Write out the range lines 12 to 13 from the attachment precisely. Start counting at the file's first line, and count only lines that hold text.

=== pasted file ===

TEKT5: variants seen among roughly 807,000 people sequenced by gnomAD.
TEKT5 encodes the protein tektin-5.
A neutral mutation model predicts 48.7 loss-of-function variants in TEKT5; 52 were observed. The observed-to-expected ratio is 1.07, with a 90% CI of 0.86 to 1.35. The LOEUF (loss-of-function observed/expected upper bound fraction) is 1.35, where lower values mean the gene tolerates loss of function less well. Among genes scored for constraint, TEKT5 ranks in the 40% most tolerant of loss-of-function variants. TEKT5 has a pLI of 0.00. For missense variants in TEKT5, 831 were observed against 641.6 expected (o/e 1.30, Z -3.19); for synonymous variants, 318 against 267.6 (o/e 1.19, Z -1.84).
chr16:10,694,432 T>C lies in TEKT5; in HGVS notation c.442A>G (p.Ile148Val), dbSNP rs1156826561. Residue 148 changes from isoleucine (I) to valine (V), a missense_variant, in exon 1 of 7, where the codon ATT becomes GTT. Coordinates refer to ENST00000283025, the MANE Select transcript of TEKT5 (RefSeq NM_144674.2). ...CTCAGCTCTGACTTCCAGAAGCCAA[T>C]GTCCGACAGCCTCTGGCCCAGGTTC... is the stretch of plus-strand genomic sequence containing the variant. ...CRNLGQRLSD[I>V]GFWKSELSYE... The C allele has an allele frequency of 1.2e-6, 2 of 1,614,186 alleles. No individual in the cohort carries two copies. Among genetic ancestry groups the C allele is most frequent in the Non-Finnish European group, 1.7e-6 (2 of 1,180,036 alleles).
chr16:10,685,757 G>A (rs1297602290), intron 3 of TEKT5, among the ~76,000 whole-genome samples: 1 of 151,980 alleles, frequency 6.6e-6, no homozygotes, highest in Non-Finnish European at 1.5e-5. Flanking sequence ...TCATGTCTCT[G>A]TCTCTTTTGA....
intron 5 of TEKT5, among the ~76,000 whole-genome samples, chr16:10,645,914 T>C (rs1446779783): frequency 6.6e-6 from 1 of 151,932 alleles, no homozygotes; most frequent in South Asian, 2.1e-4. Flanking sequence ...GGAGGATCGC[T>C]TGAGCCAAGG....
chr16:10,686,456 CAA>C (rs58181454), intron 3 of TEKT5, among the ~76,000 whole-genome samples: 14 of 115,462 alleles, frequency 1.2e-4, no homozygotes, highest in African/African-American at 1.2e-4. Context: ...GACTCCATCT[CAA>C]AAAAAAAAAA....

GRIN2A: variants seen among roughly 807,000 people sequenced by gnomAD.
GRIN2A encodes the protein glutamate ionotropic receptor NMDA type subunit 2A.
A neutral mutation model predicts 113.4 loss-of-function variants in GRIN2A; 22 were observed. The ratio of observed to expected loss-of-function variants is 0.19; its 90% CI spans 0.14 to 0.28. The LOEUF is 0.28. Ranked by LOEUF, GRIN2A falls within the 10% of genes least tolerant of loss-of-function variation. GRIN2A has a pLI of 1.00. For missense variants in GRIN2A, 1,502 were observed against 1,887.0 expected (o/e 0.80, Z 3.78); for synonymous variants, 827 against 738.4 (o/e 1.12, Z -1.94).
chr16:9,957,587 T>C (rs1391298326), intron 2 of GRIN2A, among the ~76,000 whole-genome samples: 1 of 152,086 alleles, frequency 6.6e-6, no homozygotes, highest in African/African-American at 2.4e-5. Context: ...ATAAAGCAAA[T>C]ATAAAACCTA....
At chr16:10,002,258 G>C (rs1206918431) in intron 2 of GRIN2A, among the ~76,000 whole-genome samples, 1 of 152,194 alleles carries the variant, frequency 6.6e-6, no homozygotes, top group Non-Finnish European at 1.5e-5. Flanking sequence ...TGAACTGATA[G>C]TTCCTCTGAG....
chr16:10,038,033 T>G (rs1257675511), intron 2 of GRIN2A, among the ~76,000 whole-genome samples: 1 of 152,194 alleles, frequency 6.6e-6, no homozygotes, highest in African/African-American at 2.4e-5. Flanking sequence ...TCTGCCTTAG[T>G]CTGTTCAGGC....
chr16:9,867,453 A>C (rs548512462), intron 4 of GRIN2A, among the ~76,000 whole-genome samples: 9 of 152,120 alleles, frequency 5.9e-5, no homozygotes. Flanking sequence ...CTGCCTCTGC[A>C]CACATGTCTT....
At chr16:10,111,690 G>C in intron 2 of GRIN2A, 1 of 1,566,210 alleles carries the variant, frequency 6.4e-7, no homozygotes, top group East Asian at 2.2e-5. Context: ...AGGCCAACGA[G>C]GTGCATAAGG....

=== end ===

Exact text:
At chr16:10,002,258 G>C (rs1206918431) in intron 2 of GRIN2A, among the ~76,000 whole-genome samples, 1 of 152,194 alleles carries the variant, frequency 6.6e-6, no homozygotes, top group Non-Finnish European at 1.5e-5. Flanking sequence ...TGAACTGATA[G>C]TTCCTCTGAG....
chr16:10,038,033 T>G (rs1257675511), intron 2 of GRIN2A, among the ~76,000 whole-genome samples: 1 of 152,194 alleles, frequency 6.6e-6, no homozygotes, highest in African/African-American at 2.4e-5. Flanking sequence ...TCTGCCTTAG[T>G]CTGTTCAGGC....